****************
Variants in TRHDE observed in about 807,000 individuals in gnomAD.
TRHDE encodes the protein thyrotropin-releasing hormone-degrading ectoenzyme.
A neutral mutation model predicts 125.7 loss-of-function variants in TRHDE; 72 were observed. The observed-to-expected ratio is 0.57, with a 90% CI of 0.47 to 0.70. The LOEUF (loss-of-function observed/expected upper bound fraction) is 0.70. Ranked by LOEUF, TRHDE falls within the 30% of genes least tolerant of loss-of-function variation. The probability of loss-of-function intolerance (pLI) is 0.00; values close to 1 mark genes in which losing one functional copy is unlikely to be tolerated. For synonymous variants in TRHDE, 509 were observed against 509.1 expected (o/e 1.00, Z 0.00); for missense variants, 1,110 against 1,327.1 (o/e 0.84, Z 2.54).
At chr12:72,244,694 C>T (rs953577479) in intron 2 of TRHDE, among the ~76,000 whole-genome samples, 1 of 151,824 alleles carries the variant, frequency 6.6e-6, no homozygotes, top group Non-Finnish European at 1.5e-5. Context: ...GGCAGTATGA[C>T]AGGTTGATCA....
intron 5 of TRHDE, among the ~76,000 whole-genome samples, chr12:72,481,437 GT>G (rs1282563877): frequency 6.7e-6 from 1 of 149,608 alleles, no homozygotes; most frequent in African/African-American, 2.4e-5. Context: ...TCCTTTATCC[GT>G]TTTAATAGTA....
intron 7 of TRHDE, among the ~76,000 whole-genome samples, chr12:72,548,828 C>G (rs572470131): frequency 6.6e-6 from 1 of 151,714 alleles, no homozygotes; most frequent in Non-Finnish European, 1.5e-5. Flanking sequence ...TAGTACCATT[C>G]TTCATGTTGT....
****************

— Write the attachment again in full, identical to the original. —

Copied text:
Variants in TRHDE observed in about 807,000 individuals in gnomAD.
TRHDE encodes the protein thyrotropin-releasing hormone-degrading ectoenzyme.
A neutral mutation model predicts 125.7 loss-of-function variants in TRHDE; 72 were observed. The observed-to-expected ratio is 0.57, with a 90% CI of 0.47 to 0.70. The LOEUF (loss-of-function observed/expected upper bound fraction) is 0.70. Ranked by LOEUF, TRHDE falls within the 30% of genes least tolerant of loss-of-function variation. The probability of loss-of-function intolerance (pLI) is 0.00; values close to 1 mark genes in which losing one functional copy is unlikely to be tolerated. For synonymous variants in TRHDE, 509 were observed against 509.1 expected (o/e 1.00, Z 0.00); for missense variants, 1,110 against 1,327.1 (o/e 0.84, Z 2.54).
At chr12:72,244,694 C>T (rs953577479) in intron 2 of TRHDE, among the ~76,000 whole-genome samples, 1 of 151,824 alleles carries the variant, frequency 6.6e-6, no homozygotes, top group Non-Finnish European at 1.5e-5. Context: ...GGCAGTATGA[C>T]AGGTTGATCA....
intron 5 of TRHDE, among the ~76,000 whole-genome samples, chr12:72,481,437 GT>G (rs1282563877): frequency 6.7e-6 from 1 of 149,608 alleles, no homozygotes; most frequent in African/African-American, 2.4e-5. Context: ...TCCTTTATCC[GT>G]TTTAATAGTA....
intron 7 of TRHDE, among the ~76,000 whole-genome samples, chr12:72,548,828 C>G (rs572470131): frequency 6.6e-6 from 1 of 151,714 alleles, no homozygotes; most frequent in Non-Finnish European, 1.5e-5. Flanking sequence ...TAGTACCATT[C>G]TTCATGTTGT....